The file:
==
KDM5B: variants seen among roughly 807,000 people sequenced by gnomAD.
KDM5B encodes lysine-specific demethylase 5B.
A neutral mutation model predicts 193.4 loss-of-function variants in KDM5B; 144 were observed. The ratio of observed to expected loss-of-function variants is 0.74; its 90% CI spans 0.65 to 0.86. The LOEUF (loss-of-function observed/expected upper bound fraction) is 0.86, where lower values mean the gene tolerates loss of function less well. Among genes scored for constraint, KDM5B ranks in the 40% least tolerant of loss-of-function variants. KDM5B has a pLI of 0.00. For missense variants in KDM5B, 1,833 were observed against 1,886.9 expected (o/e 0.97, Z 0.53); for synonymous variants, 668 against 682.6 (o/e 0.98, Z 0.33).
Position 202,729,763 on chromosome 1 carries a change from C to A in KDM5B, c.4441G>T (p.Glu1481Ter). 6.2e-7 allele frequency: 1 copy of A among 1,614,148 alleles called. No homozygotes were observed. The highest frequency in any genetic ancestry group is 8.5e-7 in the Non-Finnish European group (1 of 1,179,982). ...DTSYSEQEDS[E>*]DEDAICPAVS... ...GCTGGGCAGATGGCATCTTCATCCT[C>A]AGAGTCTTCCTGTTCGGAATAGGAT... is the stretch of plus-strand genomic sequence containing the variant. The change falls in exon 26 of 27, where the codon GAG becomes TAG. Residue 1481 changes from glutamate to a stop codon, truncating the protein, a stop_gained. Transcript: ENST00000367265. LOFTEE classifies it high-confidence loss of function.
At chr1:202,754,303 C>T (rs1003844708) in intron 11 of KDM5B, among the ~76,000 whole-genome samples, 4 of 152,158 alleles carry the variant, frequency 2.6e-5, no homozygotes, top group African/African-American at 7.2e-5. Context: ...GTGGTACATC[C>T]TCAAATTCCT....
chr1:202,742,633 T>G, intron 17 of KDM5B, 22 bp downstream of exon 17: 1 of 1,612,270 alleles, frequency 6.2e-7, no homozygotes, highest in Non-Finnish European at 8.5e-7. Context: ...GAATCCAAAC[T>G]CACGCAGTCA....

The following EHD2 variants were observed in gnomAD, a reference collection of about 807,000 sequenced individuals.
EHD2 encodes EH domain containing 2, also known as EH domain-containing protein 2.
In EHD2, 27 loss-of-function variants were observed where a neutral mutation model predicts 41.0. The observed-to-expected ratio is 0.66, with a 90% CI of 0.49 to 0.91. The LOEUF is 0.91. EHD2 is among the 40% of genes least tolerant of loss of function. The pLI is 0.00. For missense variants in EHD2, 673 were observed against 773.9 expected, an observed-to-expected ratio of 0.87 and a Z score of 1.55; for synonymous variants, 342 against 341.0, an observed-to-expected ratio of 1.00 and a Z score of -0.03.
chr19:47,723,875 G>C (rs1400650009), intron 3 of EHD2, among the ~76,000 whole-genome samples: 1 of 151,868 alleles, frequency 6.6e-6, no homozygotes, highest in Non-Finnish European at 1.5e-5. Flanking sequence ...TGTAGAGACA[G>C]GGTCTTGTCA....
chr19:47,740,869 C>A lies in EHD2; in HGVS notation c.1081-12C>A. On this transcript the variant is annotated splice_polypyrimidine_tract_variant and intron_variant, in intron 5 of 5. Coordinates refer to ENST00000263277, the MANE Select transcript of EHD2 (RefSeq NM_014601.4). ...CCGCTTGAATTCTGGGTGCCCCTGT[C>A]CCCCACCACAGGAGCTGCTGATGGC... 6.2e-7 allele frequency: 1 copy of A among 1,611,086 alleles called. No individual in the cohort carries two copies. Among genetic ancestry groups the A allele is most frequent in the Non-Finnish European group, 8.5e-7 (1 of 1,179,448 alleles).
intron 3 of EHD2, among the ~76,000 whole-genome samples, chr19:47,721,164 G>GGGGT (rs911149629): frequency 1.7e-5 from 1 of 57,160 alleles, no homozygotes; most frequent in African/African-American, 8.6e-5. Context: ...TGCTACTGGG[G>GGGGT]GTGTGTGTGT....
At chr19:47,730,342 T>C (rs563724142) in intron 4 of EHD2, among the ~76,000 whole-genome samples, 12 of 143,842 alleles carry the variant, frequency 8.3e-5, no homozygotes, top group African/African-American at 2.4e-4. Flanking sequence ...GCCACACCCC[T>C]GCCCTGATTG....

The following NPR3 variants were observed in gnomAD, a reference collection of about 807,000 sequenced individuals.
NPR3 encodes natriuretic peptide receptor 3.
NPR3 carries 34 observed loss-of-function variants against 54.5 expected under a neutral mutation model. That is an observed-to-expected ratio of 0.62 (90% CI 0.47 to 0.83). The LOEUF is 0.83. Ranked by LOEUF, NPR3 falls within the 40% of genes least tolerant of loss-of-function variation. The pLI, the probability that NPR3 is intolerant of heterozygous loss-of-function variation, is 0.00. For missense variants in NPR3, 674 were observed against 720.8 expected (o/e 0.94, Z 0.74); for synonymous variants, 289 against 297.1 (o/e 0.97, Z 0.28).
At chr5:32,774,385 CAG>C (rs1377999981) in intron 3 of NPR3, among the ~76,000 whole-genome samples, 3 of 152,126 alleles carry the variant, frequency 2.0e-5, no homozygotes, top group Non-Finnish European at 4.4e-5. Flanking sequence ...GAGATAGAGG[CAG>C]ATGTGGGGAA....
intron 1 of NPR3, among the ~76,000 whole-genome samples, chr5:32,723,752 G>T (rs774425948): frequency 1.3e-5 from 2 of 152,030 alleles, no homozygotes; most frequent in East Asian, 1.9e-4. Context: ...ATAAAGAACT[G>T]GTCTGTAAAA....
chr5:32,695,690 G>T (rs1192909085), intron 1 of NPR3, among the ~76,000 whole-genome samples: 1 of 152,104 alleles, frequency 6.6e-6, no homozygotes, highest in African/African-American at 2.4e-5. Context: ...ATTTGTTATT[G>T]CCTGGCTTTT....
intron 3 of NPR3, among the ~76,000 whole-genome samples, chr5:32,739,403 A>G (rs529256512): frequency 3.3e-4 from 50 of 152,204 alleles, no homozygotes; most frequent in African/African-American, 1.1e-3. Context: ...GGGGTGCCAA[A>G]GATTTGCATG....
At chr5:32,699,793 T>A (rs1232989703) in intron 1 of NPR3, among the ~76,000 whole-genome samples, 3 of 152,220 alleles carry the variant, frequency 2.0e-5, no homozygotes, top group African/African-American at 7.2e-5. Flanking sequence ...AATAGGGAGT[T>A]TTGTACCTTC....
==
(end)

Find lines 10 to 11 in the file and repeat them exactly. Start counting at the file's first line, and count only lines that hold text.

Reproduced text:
chr19:47,723,875 G>C (rs1400650009), intron 3 of EHD2, among the ~76,000 whole-genome samples: 1 of 151,868 alleles, frequency 6.6e-6, no homozygotes, highest in Non-Finnish European at 1.5e-5. Flanking sequence ...TGTAGAGACA[G>C]GGTCTTGTCA....
chr19:47,740,869 C>A lies in EHD2; in HGVS notation c.1081-12C>A. On this transcript the variant is annotated splice_polypyrimidine_tract_variant and intron_variant, in intron 5 of 5. Coordinates refer to ENST00000263277, the MANE Select transcript of EHD2 (RefSeq NM_014601.4). ...CCGCTTGAATTCTGGGTGCCCCTGT[C>A]CCCCACCACAGGAGCTGCTGATGGC... 6.2e-7 allele frequency: 1 copy of A among 1,611,086 alleles called. No individual in the cohort carries two copies. Among genetic ancestry groups the A allele is most frequent in the Non-Finnish European group, 8.5e-7 (1 of 1,179,448 alleles).